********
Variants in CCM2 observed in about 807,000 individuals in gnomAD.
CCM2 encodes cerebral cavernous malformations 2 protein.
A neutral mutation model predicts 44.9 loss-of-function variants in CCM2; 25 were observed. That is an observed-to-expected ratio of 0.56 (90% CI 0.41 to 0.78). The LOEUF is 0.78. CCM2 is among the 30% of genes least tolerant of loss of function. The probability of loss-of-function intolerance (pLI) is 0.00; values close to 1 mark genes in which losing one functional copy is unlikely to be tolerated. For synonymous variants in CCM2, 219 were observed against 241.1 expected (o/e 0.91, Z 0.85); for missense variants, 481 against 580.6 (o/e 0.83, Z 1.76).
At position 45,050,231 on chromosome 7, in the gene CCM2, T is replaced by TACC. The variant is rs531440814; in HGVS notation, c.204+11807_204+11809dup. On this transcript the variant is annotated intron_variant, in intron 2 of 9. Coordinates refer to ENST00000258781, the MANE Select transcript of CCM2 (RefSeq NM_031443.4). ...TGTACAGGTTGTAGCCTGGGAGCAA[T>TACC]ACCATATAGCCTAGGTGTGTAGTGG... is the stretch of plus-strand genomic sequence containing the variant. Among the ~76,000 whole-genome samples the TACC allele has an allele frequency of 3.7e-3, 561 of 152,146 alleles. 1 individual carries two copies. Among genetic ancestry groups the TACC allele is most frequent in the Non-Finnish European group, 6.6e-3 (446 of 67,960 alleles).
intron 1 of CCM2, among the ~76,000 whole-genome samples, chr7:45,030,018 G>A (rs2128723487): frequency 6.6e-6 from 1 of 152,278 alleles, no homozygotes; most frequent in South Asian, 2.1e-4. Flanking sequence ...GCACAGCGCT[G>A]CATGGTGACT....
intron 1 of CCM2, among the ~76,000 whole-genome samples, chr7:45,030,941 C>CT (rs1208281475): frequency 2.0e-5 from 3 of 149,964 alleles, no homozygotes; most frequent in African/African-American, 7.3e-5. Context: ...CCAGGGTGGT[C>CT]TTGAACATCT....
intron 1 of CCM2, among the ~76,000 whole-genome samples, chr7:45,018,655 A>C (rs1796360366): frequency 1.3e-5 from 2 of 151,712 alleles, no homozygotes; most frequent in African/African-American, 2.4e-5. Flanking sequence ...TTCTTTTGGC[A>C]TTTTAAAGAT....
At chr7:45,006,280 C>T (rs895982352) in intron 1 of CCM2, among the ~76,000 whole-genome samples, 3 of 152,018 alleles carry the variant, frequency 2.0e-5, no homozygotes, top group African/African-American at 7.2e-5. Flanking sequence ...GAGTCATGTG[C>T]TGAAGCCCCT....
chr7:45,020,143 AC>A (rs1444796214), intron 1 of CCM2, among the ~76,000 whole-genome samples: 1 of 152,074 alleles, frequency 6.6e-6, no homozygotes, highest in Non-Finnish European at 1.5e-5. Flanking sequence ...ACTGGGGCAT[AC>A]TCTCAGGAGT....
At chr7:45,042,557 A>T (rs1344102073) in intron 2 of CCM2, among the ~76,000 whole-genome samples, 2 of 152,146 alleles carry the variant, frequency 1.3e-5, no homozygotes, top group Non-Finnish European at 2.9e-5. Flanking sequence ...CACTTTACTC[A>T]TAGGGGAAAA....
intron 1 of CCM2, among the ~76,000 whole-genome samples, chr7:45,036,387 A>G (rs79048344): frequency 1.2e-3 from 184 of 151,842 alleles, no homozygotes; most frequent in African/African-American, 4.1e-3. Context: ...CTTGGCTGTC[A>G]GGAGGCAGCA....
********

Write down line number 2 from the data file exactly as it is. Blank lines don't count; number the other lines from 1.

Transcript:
CCM2 encodes cerebral cavernous malformations 2 protein.